The House Ethics Committee revealed the Dover Republican is under federal investigation for possibly violating campaign finance law.
  2. Student activists with the March For Our Lives group, founded after the Feb. 2018 Parkland shooting, hold a banner that promotes their new "peace plan" to prevent gun violence, while demonstrating in the rotunda of the state capitol building in Tallahassee. Emily L. Mahoney | Times
    The 18-year-old student director of March for Our Lives Florida said school shootings are so common they are “not shocking” anymore.
  3. Gov. Ron DeSantis greets local officials at Dunedin High School on Oct. 7, 2019, part of a swing around the state to announce his plan to boost starting teacher pay in Florida to $47,500. He revealed a related teacher bonus plan on Nov. 14 in Vero Beach. MEGAN REEVES  |  Tampa Bay Times
    The new plan would replace the controversial Best and Brightest model that DeSantis had called confusing.
  4. Florida Senator Darryl Rouson on the floor of the Florida Senate. [SCOTT KEELER   |   Times]
    His office said he had been considering filing the bill, but a Times/Herald investigation published Wednesday prompted them to move more quickly.
  5. Sen. Rick Scott, R-Fla., questions FBI Director Christopher Wray during a Senate Homeland Security Committee hearing on Capitol Hill in Washington, Tuesday, Nov. 5, 2019. Also pictured is Sen. Rick Scott, R-Fla., left. (AP Photo/Andrew Harnik) ANDREW HARNIK  |  AP
    Scott is co-sponsoring a bill to overturn a 1950s Supreme Court ruling.
  6. Tiffany Carr — shown during a 2004 visit to a Hollywood nail salon, where she spoke on domestic violence — was paid $761,560 annual salary as head of the Florida Coalition Against Domestic Violence. MIAMI HERALD  |  [Bob Eighmie Miami Herald file photo]
    Former state Sen. Denise Grimsley, a friend of Carr’s, is stepping in as interim president and CEO of the Florida Coalition Against Domestic Violence.
  7. In this 2017 photo, then-Gov. Rick Scott, left, speaks with then-Florida Speaker of the House Richard Corcoran in Tampa. The two were instrumental in refusing to expand Medicaid in Florida. [CHRIS URSO   |   Times]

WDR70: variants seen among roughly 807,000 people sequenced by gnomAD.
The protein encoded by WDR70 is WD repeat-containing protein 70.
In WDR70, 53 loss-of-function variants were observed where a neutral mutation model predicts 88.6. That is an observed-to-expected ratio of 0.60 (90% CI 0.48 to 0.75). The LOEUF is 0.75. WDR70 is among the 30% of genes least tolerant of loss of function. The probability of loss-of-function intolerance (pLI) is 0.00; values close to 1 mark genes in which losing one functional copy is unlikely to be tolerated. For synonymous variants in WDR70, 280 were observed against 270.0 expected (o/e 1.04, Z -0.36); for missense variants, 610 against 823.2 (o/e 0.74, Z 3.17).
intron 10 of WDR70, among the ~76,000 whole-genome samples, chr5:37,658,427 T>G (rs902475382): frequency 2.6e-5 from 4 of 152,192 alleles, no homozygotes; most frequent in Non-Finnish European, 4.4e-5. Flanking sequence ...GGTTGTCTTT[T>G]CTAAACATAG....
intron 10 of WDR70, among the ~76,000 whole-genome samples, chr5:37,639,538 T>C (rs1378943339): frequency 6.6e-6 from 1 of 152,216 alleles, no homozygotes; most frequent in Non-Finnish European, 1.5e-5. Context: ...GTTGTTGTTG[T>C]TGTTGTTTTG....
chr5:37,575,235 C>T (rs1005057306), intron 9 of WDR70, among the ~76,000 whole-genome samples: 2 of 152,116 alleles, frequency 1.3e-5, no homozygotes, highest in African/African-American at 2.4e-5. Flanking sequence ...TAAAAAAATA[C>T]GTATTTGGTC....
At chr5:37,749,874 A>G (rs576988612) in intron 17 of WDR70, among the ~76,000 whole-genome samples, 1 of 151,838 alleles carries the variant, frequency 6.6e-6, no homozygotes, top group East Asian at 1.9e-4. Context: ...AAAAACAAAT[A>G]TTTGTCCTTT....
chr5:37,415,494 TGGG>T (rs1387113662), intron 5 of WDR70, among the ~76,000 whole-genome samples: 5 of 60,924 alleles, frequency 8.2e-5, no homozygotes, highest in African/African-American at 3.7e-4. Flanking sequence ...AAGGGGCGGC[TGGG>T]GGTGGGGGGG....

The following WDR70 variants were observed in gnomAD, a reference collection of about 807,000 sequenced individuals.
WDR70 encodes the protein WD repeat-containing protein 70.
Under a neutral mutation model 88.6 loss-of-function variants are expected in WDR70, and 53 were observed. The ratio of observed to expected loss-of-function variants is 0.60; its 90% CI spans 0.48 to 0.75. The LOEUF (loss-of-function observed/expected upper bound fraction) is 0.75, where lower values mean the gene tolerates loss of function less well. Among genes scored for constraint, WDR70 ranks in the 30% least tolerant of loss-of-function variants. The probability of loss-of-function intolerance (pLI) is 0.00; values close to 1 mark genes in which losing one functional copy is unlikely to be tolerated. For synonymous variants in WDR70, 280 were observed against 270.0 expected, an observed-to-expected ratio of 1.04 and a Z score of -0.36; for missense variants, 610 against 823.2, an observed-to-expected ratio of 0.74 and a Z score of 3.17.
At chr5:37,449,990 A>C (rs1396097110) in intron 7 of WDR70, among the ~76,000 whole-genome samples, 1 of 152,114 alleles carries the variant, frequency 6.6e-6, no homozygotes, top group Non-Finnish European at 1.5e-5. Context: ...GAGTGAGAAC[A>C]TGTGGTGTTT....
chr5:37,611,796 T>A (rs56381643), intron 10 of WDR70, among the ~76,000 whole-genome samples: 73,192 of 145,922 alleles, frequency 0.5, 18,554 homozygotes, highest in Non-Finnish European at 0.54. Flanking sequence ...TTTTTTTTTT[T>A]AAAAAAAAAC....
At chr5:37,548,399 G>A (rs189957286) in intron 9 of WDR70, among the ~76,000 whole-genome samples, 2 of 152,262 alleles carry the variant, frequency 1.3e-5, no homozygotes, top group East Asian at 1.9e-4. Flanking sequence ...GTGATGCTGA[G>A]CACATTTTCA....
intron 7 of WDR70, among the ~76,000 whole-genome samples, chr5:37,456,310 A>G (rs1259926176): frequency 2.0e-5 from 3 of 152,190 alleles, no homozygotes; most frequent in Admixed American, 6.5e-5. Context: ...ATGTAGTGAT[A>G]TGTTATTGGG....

According to a report by the Center on Budget and Policy Priorities, Florida likely suffered the second-highest total of deaths in that time period — 2,776 — attributed to not expanding Medicaid,...
  8. Democratic presidential candidate South Bend, Ind. Mayor Pete Buttigieg delivers a Veterans Day address at a campaign event, Monday, Nov. 11, 2019, in Rochester, N.H. (AP Photo/Elise Amendola) ELISE AMENDOLA  |  AP
    State rep. Ben Diamond: Mayor Pete is ‘the type of leader that can really bring our country together’
  9. Former Florida attorney general Pam Bondi, U.S. Rep. Matt Gaetz and U.S. Rep. Val Demings have prominent roles in the impeachment of President Donald Trump. [AP Photos]
    Pam Bondi, Matt Gaetz, Val Demings and more will factor prominently in the coming weeks. Here’s how.
  10. Career Foreign Service officer George Kent, testifies before the House Intelligence Committee on Capitol Hill in Washington, Wednesday, Nov. 13, 2019, during the first public impeachment hearing of President Donald Trump's efforts to tie U.S. aid for Ukraine to investigations of his political opponents. (AP Photo/Andrew Harnik) ANDREW HARNIK  |  AP
    Kent was one of the most high-ranking career officials who had knowledge about elements of the alleged White House effort.
Advertisement
Advertisement
Advertisement